Yesterday, at the Web Managers Roundtable, I was treated to a panel of experienced bloggers and got several pages of notes about better blogging. Here's the Top 10:
- Dana Blankenhorn observes that blogging is an intimate relationship with your readers – let them be your guide
- Carol Covin told of finding a void & filling it with a blog to tell rich stories for others – she noticed at book signings that people would share their stories but didn't write them down to share with a broader audience
- Randy Rieland integrates multiple forms of media to present the blog – this evolved and grew by doing
- Dick Davies is consistent about publishing twice per week and that for him an ideal blog is 5 paragraphs, 10 sentences
- Do not waste people's time – cut to the chase and make your point – short can be better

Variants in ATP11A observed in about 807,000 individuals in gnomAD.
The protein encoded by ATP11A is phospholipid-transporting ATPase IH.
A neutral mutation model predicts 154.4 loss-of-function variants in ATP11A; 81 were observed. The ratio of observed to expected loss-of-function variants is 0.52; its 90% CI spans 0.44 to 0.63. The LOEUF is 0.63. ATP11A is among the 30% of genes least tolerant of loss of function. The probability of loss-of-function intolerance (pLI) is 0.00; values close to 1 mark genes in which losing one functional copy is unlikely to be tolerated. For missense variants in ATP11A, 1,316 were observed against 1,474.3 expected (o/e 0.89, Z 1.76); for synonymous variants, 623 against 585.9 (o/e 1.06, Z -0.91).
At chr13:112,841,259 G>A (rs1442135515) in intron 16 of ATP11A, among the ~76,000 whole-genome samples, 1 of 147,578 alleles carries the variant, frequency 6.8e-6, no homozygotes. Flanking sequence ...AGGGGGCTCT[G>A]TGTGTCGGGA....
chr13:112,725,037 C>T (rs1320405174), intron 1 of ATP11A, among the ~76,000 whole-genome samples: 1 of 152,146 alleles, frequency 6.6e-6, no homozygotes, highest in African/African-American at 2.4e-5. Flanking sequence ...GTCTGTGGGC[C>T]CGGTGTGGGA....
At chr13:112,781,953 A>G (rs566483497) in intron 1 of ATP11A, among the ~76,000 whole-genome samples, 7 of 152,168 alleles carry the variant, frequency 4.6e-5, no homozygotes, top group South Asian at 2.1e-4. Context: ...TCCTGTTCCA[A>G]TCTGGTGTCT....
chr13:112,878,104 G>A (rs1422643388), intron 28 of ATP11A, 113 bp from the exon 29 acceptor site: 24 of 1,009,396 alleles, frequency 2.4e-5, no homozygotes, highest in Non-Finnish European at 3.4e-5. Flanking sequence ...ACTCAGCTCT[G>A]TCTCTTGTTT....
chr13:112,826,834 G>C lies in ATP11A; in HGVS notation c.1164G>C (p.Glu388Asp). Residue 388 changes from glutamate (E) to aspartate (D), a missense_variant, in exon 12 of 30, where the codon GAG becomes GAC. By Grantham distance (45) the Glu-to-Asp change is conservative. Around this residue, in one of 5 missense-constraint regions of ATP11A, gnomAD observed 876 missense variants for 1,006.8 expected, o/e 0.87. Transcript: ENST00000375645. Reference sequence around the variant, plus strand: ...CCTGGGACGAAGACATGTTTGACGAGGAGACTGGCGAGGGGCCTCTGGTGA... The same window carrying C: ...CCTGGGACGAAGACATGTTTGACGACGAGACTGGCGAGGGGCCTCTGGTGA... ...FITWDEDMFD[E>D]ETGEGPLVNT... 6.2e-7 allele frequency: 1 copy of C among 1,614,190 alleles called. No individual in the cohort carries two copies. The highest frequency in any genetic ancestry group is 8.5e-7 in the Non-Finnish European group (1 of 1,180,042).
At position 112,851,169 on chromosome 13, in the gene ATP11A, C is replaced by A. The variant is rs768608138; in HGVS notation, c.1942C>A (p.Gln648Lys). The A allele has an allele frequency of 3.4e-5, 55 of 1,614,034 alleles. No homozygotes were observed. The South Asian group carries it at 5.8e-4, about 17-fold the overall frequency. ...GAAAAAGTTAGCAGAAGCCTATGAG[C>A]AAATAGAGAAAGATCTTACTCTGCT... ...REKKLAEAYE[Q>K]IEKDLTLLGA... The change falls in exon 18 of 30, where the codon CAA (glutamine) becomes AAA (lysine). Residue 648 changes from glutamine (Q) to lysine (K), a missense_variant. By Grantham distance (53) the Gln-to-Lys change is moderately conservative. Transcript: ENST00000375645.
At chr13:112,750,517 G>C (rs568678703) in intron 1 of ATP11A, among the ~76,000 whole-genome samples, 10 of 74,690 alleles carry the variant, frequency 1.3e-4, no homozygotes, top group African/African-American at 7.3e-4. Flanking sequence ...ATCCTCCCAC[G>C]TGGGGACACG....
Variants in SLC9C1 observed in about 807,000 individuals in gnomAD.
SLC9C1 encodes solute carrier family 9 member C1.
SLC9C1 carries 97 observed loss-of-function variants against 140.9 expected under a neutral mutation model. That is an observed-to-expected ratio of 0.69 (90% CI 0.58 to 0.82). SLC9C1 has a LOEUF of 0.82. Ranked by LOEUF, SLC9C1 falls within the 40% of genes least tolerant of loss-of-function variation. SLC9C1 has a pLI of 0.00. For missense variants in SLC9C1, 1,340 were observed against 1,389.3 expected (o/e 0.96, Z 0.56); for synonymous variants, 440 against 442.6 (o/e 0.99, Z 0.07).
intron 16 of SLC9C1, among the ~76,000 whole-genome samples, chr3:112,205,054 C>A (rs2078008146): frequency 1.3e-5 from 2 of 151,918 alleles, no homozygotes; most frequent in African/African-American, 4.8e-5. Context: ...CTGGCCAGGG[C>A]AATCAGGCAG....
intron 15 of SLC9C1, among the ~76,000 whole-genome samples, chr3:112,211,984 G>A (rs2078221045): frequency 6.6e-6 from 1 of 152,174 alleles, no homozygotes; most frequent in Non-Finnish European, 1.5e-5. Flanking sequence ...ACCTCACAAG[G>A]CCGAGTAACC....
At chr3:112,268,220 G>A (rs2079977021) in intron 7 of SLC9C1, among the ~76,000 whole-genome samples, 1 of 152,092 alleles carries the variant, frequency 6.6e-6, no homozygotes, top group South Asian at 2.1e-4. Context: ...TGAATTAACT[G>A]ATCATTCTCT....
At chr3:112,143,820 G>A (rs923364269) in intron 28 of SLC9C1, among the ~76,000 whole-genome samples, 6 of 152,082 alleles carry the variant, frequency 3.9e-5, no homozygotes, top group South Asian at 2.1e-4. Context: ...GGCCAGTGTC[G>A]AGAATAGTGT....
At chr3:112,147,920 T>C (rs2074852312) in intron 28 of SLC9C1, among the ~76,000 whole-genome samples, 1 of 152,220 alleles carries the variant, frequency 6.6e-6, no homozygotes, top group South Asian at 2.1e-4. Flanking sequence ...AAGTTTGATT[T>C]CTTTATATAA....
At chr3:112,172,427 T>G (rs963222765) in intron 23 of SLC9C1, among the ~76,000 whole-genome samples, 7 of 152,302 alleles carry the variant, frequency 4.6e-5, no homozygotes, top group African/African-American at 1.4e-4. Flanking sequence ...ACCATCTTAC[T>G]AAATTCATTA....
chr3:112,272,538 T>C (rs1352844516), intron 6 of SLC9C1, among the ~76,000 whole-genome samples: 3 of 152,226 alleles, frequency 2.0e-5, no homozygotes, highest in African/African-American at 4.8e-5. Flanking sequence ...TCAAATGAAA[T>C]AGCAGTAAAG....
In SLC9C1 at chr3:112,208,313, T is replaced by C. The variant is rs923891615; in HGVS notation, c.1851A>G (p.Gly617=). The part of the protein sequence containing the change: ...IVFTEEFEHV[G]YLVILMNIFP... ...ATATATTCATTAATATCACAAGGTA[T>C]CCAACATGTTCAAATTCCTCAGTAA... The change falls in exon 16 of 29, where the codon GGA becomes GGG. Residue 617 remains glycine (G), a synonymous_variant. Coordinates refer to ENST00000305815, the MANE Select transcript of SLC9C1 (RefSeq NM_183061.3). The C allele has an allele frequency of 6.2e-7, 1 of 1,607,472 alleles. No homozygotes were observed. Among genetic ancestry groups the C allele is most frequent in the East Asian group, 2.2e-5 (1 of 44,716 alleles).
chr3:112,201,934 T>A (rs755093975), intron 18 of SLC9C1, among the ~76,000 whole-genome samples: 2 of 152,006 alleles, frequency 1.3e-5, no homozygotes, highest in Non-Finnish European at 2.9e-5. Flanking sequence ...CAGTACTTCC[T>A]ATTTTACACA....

- Blogging is not a hobby – when thinking about writing a blog, make a business case for it: Who are your writing for; What topic/subject area are you writing about; Why are you writing to these people and about these issue?
- Write in your voice – be you in your writing – do not try to write in the voice of the organization
- Looking for content and ideas for topics for the organization's blog? Talk with the person in the Big Chair – they like to talk about what they do – but don't forget to jot down interesting ideas, topics, issues when you come across them...every event has potential for a great blog
- Blogging requires discipline – take your passion and vision and put it on a plan – declare how often you will post and do it, the readers will come to expect your posts on a cycle – they will not stay around for erratic publishing
- Share your stories, ask questions, set scenes, but do not try to solve problems when writing – regardless what you think you are writing about, the reader interprets the post in terms of what is on their mind.
And number 11 is – don't just talk about blogging – do it and make each one better than the one before.
Check out BlogLab, coming August 16 for a roll-up-the-sleeves view of blogging.